The Family Partnership Model is an innovative approach based upon an explicit model of the helping process that demonstrates how specific helper qualities and skills, when used in partnership, enable parents and families to overcome their difficulties, build strengths and resilience and fulfil their goals more effectively.
The Family Partnership Model is an evidence-based method the effectiveness of which has been demonstrated through a number of research trials conducted by the Centre as well as independent randomised trials. The findings of these trials indicate positive benefits to the developmental progress of children (e.g. Davis & Rushton, 1991; APIP, 1998), parent-child interaction (Barlow et al, 2007; Puura et al, 2005) and the psychological functioning of parents, families and children (e.g. Davis & Rushton, 1991; Davis & Spurr, 1998).
The Family Partnership Model has played a pivotal role in consolidating and developing our service. The impact of the FPM training was so significant that it contributed to wider training of the Children’s Services workforce in the borough. Wandsworth 2010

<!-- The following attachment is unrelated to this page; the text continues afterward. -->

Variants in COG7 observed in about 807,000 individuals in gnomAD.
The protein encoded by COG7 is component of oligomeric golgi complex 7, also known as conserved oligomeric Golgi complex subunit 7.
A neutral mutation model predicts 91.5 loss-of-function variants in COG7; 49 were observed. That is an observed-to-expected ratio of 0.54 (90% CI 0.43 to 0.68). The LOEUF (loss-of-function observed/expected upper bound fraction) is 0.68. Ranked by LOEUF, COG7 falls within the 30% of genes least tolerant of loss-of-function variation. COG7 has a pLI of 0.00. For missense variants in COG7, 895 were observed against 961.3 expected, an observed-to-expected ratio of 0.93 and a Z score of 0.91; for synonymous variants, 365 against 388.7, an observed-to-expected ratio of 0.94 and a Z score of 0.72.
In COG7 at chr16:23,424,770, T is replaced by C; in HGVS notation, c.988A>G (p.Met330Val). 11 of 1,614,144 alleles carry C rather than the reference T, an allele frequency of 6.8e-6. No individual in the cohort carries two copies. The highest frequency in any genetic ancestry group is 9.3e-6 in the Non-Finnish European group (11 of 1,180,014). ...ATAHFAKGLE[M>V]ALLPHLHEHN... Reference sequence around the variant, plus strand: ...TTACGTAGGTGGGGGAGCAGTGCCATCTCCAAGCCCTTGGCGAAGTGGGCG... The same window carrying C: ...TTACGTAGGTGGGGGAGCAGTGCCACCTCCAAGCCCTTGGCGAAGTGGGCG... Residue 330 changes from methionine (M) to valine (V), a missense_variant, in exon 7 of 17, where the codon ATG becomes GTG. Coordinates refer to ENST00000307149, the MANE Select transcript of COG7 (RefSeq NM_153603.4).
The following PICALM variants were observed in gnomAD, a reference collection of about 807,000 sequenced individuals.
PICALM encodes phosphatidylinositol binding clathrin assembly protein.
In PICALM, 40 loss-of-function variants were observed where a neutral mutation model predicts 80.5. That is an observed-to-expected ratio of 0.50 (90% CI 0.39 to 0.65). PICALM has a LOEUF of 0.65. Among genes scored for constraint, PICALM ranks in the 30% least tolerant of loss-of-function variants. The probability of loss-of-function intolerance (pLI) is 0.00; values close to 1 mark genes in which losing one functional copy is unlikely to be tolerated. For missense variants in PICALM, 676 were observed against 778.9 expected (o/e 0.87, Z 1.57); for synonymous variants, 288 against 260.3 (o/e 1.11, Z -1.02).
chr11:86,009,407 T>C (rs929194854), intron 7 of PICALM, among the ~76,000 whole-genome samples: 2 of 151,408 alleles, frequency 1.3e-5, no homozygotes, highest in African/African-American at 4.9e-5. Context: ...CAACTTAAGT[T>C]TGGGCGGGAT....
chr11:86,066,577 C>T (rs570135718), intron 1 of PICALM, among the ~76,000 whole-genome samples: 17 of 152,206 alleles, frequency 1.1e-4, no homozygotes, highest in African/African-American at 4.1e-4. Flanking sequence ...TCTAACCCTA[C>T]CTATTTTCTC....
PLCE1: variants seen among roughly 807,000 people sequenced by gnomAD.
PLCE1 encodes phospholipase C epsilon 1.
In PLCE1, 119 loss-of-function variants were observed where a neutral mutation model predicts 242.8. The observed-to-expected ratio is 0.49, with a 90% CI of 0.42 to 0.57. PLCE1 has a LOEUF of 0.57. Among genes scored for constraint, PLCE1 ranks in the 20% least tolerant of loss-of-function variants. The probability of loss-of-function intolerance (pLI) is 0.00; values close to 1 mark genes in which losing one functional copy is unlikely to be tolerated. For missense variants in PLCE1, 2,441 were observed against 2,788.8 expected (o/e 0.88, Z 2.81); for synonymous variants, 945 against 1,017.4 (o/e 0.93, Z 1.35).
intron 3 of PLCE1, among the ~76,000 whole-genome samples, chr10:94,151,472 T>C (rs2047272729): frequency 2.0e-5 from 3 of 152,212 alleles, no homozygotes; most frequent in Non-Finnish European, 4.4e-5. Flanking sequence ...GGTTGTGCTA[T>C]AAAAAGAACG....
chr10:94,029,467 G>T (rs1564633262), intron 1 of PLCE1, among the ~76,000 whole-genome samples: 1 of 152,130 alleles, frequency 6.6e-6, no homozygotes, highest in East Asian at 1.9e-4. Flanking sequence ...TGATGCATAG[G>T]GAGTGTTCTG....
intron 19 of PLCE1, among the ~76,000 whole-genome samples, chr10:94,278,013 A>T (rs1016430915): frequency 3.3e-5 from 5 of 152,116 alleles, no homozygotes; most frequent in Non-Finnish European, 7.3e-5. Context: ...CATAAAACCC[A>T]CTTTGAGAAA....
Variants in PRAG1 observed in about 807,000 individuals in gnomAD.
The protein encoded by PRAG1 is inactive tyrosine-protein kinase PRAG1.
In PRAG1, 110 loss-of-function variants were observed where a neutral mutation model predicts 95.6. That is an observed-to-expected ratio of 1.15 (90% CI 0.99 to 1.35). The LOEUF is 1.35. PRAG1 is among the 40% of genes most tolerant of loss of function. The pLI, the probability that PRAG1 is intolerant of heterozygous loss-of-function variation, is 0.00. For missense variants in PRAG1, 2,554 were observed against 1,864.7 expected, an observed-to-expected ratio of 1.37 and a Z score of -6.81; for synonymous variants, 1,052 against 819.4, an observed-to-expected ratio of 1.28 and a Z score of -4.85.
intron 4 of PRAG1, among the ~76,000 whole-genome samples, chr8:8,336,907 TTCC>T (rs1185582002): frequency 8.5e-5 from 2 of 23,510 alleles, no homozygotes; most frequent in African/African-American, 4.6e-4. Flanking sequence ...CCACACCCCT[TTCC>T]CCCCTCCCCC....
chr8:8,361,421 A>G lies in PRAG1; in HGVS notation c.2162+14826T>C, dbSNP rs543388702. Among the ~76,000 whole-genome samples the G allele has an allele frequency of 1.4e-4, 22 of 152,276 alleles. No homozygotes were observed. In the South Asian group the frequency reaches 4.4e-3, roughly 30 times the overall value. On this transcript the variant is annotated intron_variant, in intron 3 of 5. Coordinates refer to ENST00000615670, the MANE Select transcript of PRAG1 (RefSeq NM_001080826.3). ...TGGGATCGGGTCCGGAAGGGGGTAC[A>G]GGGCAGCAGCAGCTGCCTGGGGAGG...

The Model and its implications are described fully in the key text (Davis & Day, 2010); this book may be helpful to practitioners, managers and commissioners who work with families, parents and their children. In addition to this a more condensed version of the model is described in the Reflective Practice Handbook (Day, C. & Davis, H. 2009). Further, the Family Partnership Foundation Training is described fully in the revised Facilitators Training Manual (Day, C. & Davis, H. 2009a). All materials are supplied in the Family Partnership Training Programme.
A range of preventative and early intervention services and initiatives have been developed and implemented based upon the Family Partnership Model in the UK, Europe and Australasia. These include work with Sure Start Children’s Centres and Extended Schools, the Health-Led Parenting Programme, the national training for Early Support and Pathfinder Intervention for children at risk of developing anti-social behaviour as well as individual primary care and mental heath NHS trusts, children’s services, education and social care departments and voluntary agencies.